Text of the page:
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Open Thread: Away Down South In Dixie

In 2022 my wife and I will celebrate our 30th year of marriage and since most of our kids are adults now, we are planning on taking a trip together. 
Thanks to my prior career and us living in a bunch of different states, I have been to 40 of the 50 states. Other than Hawaii and Alaska, the states I have not been to are in two clumps. One is the Northwest: Washington, Oregon, Idaho and Montana. The other is the Deep South: Alabama, Louisiana, Mississippi and Arkansas. 
My plan is to hit those four southern states over the course of our trip, which for OpSec will take place at an unannounced time next year.
So my question is this:
Given those four states which I am not at all familiar with:
Where should we go? 

Where should we stay? 

What should we do when down there?
Obviously I want to stay clear of the large population centers and any especially diverse areas. We are not big tourist trap people, or crowd people in general. In other words, more into things that are unique and/or natural beauty rather than outlet malls and theme parks. Not working with an unlimited budget here but willing to spend reasonably to have decent places to eat and sleep.
Denizens of the Deep South or people who have visited there, what say you?


  1. ChuckInBama

    My wife and I will be celebrating our 30th as well next year, so heartfelt congratulations on the anniversary !

    I'm kinda partial to Northern Alabama, myself. The very tail-end of the Appalachians offers areas for hiking and camping if that's what you are into. Huntsville has the world's largest space museum and plenty of shopping and dining. Small towns nearby to be explored, and some historical areas from the "War of Northern Aggression" remain in their time-honored place.
    To the south of the state, the gulf is always beautiful and the battleship in Mobile is a wonder that I still enjoy touring every time I'm in the vicinity.
    Should you decide on Alabama, you have my email, so I can probably spend some time showing you around.

  2. Troy Lee Messer

    Congratulations on the anniversary.

    Idaho is awesome and big. Deserty in the south. Trees and these things called wilderness areas (read: No pansy ass faggots. you carry acuz shit'll eat you) Constitutional carry. Mountains. Wolf hunting. Very few negros. But everyone is comeing here. So it is expensive.
    Eastern parts of Washington and Oregon are more to the right.

    ChuckinBama's location sounds pretty cool. If they still despise Yankees, extra cool. But ticks, chiggers, negros, tornados, humidity.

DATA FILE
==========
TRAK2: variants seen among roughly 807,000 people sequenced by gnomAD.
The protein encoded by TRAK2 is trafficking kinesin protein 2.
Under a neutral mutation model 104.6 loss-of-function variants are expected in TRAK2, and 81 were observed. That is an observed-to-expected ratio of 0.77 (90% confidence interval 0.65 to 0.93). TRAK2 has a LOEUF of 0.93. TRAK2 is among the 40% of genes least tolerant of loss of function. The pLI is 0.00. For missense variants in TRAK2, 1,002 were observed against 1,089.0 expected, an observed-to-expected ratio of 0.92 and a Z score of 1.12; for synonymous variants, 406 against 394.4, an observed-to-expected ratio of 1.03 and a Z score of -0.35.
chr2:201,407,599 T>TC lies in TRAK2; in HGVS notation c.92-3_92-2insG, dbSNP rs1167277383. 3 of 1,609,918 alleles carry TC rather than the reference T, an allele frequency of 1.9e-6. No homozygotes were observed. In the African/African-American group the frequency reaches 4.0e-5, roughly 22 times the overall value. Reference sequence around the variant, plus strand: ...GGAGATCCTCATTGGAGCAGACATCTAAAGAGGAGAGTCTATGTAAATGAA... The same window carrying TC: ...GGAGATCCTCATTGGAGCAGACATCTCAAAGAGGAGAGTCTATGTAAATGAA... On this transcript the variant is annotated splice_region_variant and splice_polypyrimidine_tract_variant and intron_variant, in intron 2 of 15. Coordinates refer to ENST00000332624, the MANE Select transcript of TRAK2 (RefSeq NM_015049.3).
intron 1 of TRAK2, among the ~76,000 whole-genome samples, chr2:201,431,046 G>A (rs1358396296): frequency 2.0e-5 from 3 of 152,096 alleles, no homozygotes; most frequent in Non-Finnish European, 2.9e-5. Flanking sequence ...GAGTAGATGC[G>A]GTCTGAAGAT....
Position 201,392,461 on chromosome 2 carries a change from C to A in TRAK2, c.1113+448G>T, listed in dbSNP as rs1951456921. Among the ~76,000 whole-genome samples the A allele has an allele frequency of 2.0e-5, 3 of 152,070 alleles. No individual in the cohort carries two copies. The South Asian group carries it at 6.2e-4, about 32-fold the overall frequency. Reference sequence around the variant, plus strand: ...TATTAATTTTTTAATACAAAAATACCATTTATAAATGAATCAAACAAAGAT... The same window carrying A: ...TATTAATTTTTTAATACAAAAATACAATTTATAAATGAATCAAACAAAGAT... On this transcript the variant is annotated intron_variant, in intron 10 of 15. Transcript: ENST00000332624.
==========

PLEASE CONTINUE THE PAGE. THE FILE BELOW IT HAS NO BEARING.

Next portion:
3. daniel_day

    I went to the Huntsville space museum when I was temporarily in the area in 2005. No disrespect intended, but I'd recommend against spending much time there. It seemed to be aimed mainly at children.

  4. Arthur Sido

    We would never live in the deep south, we lived as far south as Northern Kentucky and that was too damn hot. To us Cincinnati is the South, Nashville is the deep south and anything beyond that is basically northern Mexico.

  5. Mikey

    Alabama: I would recommend the Huntsville/Muscle Shoals area. I'd definitely want to stop at the recording studios in Muscle Shoals.

    Also, at least for me, a must visit when I'm passing through is Mother Angelica's Shrine of the Blessed Sacrament in Hanceville (north of Birmingham). It's off the beaten path but an amazing place. Home to the cloistered Poor Claires. Angelica, her mother (who joined the Poor Claires before her death), and others are entombed in the crypt below the church in the basement chapel. The church and grounds are breathtaking, especially knowing the history. Beautiful, peaceful place.

    On that same note, the EWTN studios and grounds in Irondale are a nice stop. Try to catch a morning Mass in the tiny chapel at 7am. Granted, it's a novus ordo but the choir is world class and they're there every day.

    Arkansas: Hardy. The Spring River is top notch for canoe floating. The town is quaint. Nice campgrounds. Also Heber Springs/Greer's Ferry Lake is a nice stop. Both places are in the northern part of the state.

  6. Annie Oakley

    Alabama….I'd recommend Henry Hill in Moulton, near I believe Lawrence County. It's on a paved road near some chicken farms. It has some of magnetic pull that will either pull your car backwards or push you up the hill. Supposedly, in the 1950's a traveling salesman named Henry was killed on that road. So his ghost stays there to help stranded passengers move up the hill.

    Natural Bridge in Hwy 278, west of 13. It's an ecological preserve that has natural stone that eroded into a bridge. It's very serene and nice.

    Mississippi: the town of Iuka. Lots of seafood shops. Really cool town. Natchez trace parkway is nice.

    Arkansas: The crate of diamonds state park (west of Interstate 30, South of Little Rock, the Ouchita mountains and the crystals there.

    Yes I've been to them all. I live in the south.

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